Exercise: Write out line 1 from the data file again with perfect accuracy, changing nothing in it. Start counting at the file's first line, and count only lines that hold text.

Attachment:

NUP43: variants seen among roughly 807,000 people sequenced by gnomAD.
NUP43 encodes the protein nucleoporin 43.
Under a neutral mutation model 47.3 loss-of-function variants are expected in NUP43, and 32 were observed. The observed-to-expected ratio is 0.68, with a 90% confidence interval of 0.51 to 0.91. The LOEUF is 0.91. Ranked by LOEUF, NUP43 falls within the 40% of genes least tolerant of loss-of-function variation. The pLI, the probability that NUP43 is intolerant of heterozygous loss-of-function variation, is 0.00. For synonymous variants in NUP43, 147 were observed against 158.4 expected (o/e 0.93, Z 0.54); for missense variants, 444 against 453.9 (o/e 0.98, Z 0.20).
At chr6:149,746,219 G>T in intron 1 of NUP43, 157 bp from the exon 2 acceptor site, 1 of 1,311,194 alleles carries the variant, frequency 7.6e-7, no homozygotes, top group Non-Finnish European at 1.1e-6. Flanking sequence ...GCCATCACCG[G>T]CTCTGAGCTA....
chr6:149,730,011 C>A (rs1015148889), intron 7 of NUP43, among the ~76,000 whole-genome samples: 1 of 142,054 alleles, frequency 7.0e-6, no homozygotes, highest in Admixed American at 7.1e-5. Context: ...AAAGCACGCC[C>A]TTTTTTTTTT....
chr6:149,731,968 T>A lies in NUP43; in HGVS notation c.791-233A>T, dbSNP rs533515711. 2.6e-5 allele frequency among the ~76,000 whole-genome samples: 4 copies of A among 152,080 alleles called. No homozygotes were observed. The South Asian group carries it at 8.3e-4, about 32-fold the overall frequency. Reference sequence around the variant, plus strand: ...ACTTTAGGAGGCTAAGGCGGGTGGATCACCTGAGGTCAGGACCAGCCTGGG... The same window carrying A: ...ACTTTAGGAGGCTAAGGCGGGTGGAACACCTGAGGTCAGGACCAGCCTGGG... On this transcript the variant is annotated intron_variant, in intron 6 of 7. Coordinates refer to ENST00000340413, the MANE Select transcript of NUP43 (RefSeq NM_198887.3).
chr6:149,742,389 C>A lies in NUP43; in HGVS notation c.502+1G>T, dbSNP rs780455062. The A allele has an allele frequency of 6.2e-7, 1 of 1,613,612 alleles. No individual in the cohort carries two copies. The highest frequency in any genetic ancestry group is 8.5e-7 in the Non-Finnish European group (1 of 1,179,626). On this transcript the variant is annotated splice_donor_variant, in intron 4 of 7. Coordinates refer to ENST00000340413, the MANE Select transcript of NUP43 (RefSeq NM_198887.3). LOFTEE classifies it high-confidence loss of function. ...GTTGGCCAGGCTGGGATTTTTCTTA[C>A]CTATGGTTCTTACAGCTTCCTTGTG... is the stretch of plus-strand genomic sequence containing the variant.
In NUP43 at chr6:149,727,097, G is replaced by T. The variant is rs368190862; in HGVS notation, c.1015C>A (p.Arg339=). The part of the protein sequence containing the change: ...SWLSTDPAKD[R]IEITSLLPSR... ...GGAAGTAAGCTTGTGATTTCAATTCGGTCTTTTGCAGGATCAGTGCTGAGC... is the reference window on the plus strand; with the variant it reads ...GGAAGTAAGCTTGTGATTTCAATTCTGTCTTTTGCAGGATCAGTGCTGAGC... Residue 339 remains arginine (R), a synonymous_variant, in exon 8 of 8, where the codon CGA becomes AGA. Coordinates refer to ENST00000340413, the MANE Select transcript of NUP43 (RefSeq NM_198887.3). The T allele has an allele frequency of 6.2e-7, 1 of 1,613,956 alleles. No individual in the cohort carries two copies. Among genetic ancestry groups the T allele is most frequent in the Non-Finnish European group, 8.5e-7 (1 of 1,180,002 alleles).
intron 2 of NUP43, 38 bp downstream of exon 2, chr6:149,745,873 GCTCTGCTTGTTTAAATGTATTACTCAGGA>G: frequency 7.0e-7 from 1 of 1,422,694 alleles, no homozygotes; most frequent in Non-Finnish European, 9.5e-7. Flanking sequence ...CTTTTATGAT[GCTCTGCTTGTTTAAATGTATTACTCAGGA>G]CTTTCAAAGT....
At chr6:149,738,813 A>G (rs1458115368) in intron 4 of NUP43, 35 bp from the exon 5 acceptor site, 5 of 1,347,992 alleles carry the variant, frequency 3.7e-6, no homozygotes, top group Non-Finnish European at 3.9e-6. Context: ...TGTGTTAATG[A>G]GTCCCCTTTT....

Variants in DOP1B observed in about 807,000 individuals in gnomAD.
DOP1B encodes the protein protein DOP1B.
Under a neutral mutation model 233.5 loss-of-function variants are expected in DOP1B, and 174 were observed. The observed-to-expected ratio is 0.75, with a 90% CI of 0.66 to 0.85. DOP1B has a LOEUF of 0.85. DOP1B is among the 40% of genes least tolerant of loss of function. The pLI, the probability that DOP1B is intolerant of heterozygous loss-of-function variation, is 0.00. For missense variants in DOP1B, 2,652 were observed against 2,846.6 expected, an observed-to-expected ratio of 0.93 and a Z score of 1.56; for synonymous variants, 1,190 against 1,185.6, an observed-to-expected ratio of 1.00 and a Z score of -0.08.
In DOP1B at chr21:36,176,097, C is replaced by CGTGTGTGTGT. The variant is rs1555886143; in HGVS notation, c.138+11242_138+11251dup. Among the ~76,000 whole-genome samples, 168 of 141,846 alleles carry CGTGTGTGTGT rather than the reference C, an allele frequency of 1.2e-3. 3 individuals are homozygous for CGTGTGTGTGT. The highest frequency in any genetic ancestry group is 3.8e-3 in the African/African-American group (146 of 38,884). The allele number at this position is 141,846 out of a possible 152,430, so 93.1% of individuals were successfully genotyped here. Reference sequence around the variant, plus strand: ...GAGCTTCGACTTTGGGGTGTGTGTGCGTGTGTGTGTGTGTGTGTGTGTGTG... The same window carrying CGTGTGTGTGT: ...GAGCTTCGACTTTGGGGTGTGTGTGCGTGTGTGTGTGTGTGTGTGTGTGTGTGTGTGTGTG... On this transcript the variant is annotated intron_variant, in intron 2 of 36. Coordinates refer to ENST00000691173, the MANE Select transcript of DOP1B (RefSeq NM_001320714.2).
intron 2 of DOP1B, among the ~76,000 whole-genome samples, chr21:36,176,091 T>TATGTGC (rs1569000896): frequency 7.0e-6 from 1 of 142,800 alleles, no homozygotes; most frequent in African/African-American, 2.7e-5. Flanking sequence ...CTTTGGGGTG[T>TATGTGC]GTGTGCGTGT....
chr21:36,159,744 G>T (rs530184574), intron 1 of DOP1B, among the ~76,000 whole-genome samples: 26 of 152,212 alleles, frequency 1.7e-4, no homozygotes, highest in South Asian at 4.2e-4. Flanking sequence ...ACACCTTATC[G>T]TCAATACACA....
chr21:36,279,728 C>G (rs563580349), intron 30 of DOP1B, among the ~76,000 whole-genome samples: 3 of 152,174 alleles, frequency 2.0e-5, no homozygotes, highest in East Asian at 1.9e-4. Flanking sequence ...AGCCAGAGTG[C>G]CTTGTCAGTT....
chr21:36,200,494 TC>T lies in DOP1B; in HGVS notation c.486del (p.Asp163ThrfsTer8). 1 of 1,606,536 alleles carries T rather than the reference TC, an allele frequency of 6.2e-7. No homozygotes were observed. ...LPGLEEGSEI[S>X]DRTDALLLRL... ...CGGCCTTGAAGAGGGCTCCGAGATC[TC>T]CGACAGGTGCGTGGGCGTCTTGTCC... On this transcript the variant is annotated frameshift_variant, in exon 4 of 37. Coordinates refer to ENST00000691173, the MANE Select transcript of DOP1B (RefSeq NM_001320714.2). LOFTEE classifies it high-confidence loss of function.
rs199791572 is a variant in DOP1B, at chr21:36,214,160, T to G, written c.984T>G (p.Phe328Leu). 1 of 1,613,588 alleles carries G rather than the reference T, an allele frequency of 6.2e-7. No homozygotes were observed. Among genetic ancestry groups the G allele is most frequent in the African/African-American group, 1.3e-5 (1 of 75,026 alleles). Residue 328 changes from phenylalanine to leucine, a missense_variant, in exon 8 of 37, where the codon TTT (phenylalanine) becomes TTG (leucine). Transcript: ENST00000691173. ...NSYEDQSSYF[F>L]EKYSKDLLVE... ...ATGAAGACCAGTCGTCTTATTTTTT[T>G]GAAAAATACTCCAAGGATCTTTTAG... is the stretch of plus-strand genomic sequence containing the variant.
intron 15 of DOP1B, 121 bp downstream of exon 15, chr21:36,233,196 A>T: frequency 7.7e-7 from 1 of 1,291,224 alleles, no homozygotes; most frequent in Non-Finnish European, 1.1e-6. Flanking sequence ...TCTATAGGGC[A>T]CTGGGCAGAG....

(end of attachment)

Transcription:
NUP43: variants seen among roughly 807,000 people sequenced by gnomAD.